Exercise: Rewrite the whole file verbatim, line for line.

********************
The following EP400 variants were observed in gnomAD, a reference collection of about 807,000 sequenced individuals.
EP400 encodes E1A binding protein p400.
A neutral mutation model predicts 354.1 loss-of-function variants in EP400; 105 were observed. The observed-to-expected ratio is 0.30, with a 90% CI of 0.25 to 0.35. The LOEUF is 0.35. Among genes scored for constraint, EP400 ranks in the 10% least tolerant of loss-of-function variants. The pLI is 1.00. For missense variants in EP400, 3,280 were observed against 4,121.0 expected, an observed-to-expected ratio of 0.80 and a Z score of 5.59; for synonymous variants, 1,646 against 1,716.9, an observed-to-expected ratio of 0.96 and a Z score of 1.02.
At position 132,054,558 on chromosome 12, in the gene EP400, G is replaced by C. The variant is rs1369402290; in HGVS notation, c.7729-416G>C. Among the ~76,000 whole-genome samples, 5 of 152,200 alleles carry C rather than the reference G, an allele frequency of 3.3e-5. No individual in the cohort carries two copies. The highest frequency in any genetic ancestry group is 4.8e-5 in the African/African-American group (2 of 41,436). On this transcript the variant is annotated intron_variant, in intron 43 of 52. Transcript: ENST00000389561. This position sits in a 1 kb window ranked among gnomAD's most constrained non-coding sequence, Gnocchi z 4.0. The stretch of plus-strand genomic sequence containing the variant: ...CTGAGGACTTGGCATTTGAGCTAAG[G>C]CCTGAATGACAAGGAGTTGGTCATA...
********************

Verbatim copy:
The following EP400 variants were observed in gnomAD, a reference collection of about 807,000 sequenced individuals.
EP400 encodes E1A binding protein p400.
A neutral mutation model predicts 354.1 loss-of-function variants in EP400; 105 were observed. The observed-to-expected ratio is 0.30, with a 90% CI of 0.25 to 0.35. The LOEUF is 0.35. Among genes scored for constraint, EP400 ranks in the 10% least tolerant of loss-of-function variants. The pLI is 1.00. For missense variants in EP400, 3,280 were observed against 4,121.0 expected, an observed-to-expected ratio of 0.80 and a Z score of 5.59; for synonymous variants, 1,646 against 1,716.9, an observed-to-expected ratio of 0.96 and a Z score of 1.02.
At position 132,054,558 on chromosome 12, in the gene EP400, G is replaced by C. The variant is rs1369402290; in HGVS notation, c.7729-416G>C. Among the ~76,000 whole-genome samples, 5 of 152,200 alleles carry C rather than the reference G, an allele frequency of 3.3e-5. No individual in the cohort carries two copies. The highest frequency in any genetic ancestry group is 4.8e-5 in the African/African-American group (2 of 41,436). On this transcript the variant is annotated intron_variant, in intron 43 of 52. Transcript: ENST00000389561. This position sits in a 1 kb window ranked among gnomAD's most constrained non-coding sequence, Gnocchi z 4.0. The stretch of plus-strand genomic sequence containing the variant: ...CTGAGGACTTGGCATTTGAGCTAAG[G>C]CCTGAATGACAAGGAGTTGGTCATA...